MELBOURNE | Arbitration in Asia: Lessons Learned
Time & Location
About The Event
Tue 29th January
HFW, Level 39, Bourke Place, 600 Bourke St,
Melbourne VIC 3000
Registration from 5:30pm
Please book by visiting www.trybooking.com/BAFRQ
The Lighthouse Club Australia is delighted to present a discussion evening involving three of the most prominent arbitrators in the Asia Pacific Region.
Neil Kaplan CBE QC SBS has been a full-time practising arbitrator since 1995. During this period he has been involved in several hundred arbitrations as co-arbitrator, sole arbitrator or chairman under all of the major institutions rules. Called to the Bar of England and Wales in 1965, Neil has practised as a barrister, Principal Crown Counsel at the Hong Kong Attorney General’s Chambers and served as a Judge of the Supreme Court of Hong Kong in charge of the Construction and Arbitration List. As a result of his contribution to the development and growth of arbitration in Hong Kong, Neil is often described as “the father of Hong Kong arbitration”.
John Bishop is considered to be one of the world’s pre-eminent experts on construction law, having spent over 40 years as a partner with Pinsent Masons including in the UK, Hong Kong, Dubai and mainland China. During his time with Pinsent Masons, John acted as managing partner, the head of the Construction and Engineering Department, as well as head of the Beijing Office where he spent several years.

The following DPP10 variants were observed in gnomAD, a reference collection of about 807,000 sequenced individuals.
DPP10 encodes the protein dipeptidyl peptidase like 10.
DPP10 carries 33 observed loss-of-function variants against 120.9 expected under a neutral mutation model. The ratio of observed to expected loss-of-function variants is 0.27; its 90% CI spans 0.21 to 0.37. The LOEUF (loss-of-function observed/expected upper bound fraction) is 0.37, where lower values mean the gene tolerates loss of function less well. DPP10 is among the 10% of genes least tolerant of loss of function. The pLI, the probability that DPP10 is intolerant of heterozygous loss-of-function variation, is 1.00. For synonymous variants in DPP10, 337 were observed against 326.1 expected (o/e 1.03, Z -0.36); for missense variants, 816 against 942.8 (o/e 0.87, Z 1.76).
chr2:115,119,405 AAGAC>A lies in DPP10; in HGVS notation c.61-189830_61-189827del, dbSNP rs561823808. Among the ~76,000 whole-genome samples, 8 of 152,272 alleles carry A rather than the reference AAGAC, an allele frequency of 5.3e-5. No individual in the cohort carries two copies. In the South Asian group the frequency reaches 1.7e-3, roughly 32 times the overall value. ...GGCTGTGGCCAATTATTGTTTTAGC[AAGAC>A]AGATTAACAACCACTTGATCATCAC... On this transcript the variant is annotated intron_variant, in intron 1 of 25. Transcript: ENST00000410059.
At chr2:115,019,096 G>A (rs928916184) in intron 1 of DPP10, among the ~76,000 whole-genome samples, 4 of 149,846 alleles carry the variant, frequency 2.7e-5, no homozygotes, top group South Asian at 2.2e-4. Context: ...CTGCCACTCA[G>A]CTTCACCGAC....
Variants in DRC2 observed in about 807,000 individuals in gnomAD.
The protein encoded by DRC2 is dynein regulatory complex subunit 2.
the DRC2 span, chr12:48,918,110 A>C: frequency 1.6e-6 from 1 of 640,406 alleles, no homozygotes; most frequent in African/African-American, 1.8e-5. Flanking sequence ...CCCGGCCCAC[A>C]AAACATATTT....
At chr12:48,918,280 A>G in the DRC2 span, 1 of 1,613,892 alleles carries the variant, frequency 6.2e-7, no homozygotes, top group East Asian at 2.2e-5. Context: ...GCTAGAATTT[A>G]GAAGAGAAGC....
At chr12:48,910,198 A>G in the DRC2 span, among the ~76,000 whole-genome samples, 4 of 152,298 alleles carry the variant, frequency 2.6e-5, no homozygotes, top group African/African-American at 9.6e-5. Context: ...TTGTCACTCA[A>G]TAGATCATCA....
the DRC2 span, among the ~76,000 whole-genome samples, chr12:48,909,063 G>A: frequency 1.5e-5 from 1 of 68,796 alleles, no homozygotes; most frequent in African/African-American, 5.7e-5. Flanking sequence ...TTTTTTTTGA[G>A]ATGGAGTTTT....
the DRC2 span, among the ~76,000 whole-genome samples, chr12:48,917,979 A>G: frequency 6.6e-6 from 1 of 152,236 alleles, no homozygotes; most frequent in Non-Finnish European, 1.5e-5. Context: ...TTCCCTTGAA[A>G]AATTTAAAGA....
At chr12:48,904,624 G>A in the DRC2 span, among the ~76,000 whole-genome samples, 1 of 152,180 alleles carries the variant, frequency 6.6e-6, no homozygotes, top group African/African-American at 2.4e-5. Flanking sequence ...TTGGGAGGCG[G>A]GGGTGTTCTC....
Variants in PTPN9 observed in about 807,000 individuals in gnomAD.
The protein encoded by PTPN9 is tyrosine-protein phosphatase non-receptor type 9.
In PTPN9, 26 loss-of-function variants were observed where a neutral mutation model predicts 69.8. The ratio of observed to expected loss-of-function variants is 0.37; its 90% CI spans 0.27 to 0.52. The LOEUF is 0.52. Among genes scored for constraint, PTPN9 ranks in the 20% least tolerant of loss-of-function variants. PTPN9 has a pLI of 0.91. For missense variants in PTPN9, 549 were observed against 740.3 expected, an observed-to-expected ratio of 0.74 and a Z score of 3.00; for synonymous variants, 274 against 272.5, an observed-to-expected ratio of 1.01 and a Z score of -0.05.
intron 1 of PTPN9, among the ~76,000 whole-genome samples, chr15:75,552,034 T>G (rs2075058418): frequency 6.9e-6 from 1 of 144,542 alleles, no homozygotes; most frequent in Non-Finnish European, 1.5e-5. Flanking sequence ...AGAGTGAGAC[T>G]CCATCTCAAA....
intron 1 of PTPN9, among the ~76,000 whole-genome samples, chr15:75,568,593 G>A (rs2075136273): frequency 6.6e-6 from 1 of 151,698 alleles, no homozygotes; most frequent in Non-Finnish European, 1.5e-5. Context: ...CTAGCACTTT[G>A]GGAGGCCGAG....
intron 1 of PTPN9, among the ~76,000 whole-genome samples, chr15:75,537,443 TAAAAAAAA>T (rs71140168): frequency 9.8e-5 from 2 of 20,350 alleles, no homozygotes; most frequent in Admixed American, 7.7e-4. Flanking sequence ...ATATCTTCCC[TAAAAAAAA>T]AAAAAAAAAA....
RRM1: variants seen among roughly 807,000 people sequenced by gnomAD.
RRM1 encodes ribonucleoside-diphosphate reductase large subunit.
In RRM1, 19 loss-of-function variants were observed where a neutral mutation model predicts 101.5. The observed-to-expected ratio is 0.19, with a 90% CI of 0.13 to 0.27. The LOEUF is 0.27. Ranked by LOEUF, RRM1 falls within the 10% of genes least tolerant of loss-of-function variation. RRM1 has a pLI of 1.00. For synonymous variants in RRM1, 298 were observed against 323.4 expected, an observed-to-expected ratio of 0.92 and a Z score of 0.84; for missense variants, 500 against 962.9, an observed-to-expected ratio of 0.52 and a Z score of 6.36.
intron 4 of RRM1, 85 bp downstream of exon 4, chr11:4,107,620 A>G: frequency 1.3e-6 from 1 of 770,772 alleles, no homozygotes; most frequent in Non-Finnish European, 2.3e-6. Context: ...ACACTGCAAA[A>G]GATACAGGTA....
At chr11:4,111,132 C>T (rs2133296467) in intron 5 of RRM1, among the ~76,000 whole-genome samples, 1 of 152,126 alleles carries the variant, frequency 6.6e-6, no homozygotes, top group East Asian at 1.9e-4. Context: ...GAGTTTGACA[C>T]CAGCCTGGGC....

Phillip Greenham is recognised by a wide variety of eminent institutions, publications,
and colleagues as one of Australia’s foremost construction lawyers. His 34 years of experience has covered commercial work, dispute work and contract administration work. Phillip was a partner at Minter Ellison for 27 years and headed the Melbourne Construction, Engineering and infrastructure practice for 13 years. He is one of only five practitioners in Australia invited to join the International Academy of Construction Lawyers.
The speakers will provide their practical experience of conducting arbitrations in Asia and from this experience, attendants can participate in what lessons can be learned in respect of the practice of arbitration in Australia.